Defending All Acts of Journalism

U.S. journalism is in a fragile state. Traditional media face unprecedented economic, legal and technological challenges. Decades of runaway consolidation have shuttered newsrooms and led to thousands of journalist layoffs.

And while new outlets and individuals are performing acts of journalism, their efforts do not yet fill the gaps. There is now less local reporting, which in turn has diminished civic participation. The weakening of journalism institutions also means that governments and corporations aren’t being held accountable.

It’s time to organize.

We believe the best hope for public-interest journalism to survive and thrive lies in engaging the public. Our journalism program builds relationships by assessing local news needs and connecting newsrooms with communities. Our News Voices: New Jersey pilot project is facilitating dialogues between local residents and the news organizations that serve them. We’re giving news outlets the tools to respond to local concerns, especially those of historically underserved or underrepresented communities.

Our press freedom work defends the rights of journalists and individuals — from the national security reporter to the smartphone user recording the police — to freely and securely report on the world around them. Free Press and our allies fight government surveillance of journalists and their sources, protect the right to record and report, bolster access to public records, and advocate for policies that protect newsgathering, privacy and civil rights.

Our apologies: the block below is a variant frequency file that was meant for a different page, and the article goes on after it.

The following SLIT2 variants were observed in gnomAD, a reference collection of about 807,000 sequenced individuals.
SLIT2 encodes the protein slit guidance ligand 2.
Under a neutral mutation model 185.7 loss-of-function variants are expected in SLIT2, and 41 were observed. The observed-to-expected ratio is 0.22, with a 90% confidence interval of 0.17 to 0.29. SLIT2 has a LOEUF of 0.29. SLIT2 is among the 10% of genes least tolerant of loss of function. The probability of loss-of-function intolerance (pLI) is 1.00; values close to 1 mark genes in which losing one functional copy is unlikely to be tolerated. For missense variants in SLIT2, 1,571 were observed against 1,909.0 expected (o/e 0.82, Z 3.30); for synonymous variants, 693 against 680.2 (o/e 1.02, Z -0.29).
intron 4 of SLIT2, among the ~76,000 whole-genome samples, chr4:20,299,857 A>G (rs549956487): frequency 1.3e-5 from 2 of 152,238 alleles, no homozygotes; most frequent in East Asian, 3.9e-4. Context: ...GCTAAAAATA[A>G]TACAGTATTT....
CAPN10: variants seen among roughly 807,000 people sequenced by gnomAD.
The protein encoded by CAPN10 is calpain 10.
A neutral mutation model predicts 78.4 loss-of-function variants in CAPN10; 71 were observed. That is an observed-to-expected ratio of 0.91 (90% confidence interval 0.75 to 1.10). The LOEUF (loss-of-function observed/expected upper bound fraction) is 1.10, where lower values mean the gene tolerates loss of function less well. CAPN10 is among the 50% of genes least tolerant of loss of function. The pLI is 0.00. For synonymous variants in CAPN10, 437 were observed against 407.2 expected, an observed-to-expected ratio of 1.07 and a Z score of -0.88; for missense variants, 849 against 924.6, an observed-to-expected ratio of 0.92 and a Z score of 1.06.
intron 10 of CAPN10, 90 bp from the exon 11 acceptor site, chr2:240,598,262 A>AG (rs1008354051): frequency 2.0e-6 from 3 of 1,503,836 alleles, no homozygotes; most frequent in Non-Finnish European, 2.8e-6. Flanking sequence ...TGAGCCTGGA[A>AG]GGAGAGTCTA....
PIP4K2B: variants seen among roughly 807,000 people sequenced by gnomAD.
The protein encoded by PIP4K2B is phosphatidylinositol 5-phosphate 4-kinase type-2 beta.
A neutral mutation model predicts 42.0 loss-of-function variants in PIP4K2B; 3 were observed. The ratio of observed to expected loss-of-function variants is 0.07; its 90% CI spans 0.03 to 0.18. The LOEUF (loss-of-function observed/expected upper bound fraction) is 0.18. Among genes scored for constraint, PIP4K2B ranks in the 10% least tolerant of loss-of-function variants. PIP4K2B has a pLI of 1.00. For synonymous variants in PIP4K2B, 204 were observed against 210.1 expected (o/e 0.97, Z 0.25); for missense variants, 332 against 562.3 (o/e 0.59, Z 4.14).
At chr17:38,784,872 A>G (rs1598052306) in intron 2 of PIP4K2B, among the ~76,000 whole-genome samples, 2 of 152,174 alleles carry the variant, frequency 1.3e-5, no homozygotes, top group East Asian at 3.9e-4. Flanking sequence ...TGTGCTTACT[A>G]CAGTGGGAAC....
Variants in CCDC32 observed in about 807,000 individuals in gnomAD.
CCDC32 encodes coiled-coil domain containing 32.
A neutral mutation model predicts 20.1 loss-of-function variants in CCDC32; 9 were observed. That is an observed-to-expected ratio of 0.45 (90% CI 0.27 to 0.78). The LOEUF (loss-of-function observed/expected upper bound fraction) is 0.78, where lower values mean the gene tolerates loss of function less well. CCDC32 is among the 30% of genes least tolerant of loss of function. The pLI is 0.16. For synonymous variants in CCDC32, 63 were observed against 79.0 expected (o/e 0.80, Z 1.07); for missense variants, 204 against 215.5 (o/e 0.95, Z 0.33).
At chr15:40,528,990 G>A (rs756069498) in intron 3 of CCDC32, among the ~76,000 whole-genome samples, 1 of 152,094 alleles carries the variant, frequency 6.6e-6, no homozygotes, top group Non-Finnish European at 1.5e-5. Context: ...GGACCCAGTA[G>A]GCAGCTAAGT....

Free Press has helped lead the policy discussion on how to confront the ongoing crisis in journalism. We’ve also mobilized millions to fight media mergers and block attempts to cut funding for public broadcasting. And we’re advocating for long-term policy changes to strengthen and support our nation’s noncommercial media outlets.

We’re building a nationwide effort from the ground up to foster quality local journalism.

Blog Posts

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Press Releases

  • Thousands Call on St. Louis County Prosecutor to Drop Charges Against Two Journalists

    November 24, 2015

    WASHINGTON — On Monday evening, lawyers for journalists Wesley Lowery of the Washington Post and Ryan J. Reilly of the Huffington Post urged the St. Louis County court to dismiss charges that the reporters trespassed and interfered with a police officer. The two journalists were among the many people documenting police activity during the Ferguson demonstrations in August 2014.

  • Free Press Mourns Wally Bowen

    November 18, 2015

    WASHINGTON — North Carolina media activist and community media innovator Wally Bowen passed away Tuesday in Asheville, North Carolina. Bowen was the co-founder of the Mountain Area Information Network, a nonprofit Internet service provider, Low Power FM broadcaster and community hub. He was a nationally known advocate for local self-reliance through local ownership of media infrastructure.

    Free Press President and CEO Craig Aaron made the following statement:

  • ADVISORY: Free Press to Convene News Voices: New Jersey Event in New Brunswick

    November 4, 2015
    NEW BRUNSWICK — News Voices: New Jersey is bringing together community members, journalists, media makers, activists and others in New Brunswick on Nov. 11. The three-hour forum is an opportunity to brainstorm about the future of local journalism and its role in our communities.
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  • Letter to President Obama Regarding the Next FCC Chair